1. Assemble a HACCP team with the expertise and knowledge to develop the HACCP Plan.
  2. Thoroughly describe the product and its intended use (e.g. common name, important product characteristic, shelf life, labelling instructions, etc.).
  3. List all product ingredients and incoming materials that come in contact with the product or are used in preparing the product.
  4. Develop an accurate and detailed Process Flow Diagram (from raw material receiving to finished product shipping) and Plant Schematic/Blueprint showing product and traffic flow.
  5. Verify the Process Flow Diagram and Plant Schematic on-site.

After completing the preliminary tasks, the HACCP team develops the HACCP Plan by applying the seven principles of HACCP to each food category processed.

Principle 1

Conduct a hazard analysis (HA) from the receiving of raw materials to the use of the finished product by the consumer.

Note: Information on food hazards (e.g. biological, chemical and physical hazards) can be obtained from scientific publications and industry associations.

Principle 2

Apply the HACCP decision tree to determine Critical Control Points (CCPs).

Principle 3

Establish critical limits, i.e. criteria that define acceptability and unacceptability of food products.

Principle 4

Establish monitoring procedures to ensure that the critical limits are being met.

Principle 5

Establish deviation procedures when monitoring at a CCP indicates a deviation from an established critical limit.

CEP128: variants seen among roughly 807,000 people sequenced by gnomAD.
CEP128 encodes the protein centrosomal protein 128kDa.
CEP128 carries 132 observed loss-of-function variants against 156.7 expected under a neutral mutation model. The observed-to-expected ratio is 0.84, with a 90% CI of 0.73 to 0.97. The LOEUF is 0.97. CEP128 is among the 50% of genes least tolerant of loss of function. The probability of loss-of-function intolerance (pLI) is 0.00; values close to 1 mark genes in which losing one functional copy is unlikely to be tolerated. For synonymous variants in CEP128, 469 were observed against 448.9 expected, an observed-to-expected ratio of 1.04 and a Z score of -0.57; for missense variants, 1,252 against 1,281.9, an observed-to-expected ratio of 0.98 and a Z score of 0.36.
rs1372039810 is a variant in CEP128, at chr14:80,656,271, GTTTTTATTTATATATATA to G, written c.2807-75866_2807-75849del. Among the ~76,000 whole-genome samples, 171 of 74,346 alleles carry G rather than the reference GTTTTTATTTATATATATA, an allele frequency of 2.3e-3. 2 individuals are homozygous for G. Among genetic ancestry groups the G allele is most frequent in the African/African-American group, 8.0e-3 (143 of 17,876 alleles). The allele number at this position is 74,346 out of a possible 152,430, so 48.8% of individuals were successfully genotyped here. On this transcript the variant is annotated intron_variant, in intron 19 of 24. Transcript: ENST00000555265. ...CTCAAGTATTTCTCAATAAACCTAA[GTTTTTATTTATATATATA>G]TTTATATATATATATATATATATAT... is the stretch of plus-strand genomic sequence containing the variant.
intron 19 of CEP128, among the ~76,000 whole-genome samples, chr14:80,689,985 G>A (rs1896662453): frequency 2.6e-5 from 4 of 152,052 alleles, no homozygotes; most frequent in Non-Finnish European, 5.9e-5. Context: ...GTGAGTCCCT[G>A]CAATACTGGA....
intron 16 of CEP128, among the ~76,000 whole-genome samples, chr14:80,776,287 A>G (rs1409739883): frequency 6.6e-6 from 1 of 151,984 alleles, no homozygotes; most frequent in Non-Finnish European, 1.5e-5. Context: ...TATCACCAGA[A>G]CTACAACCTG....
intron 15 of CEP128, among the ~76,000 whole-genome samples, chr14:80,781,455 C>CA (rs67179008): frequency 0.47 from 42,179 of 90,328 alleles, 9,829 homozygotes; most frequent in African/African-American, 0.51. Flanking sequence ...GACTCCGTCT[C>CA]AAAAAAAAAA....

Principle 6

Establish procedures for verification to confirm the company's conformance to and the effectiveness of the HACCP Plan.

Principle 7

Establish documentation and records, including the HACCP Plan details, processing records, as well as HACCP-related monitoring and verification records.

The HACCP Generic Model, developed following the CFIA's Food Safety Enhancement Program (FSEP) approach, includes all of the seven principles outlined above. It provides information to be used by the establishment in developing a plant-specific HACCP Plan. The Generic Model includes an example of a process flow diagram and identifies possible food safety hazards associated with each step in the process. Using the Codex Alimentarius decision tree, the Generic Model determines the points in the process where Good Manufacturing Practices (GMPs) in place at the facility do not control the potential hazard (Critical Control Points). For each of the Critical Control Points in the process, the Generic Model provides examples of:

  • procedures to be implemented in order to ensure that the hazard is controlled (i.e. monitoring procedures);
  • procedures to be implemented when monitoring determines that the hazard is no longer controlled and a possible food safety hazard could exist (i.e. deviation procedures); and,
  • procedures to be implemented to ensure that both the monitoring procedures and the deviation procedures are being followed and are effective in controlling the identified hazards (i.e. verification procedures).

It is hoped the HACCP Generic Model will provide guidance and information to manufacturers in developing their own HACCP Plan. Each manufacturer must create its own process flow diagram according to its specific practices and procedures. Moreover, hazards and how they are controlled as described in the Generic Model will need to be changed where necessary to reflect a manufacturer's unique flow diagram and/or product characteristics.

Additional information on developing a HACCP Plan can be found in the FSEP Manual on the CFIA website.

This guidance document includes a proposed GMPs guide that could serve as a prerequisite program. As mentioned above, by implementing GMPs the manufacturer could control many of the hazards identified for each step in the process. This document also includes information on process controls. Both the Generic Model and this guidance document are intended to be tools for the food industry's voluntary use in creating a food safety control system.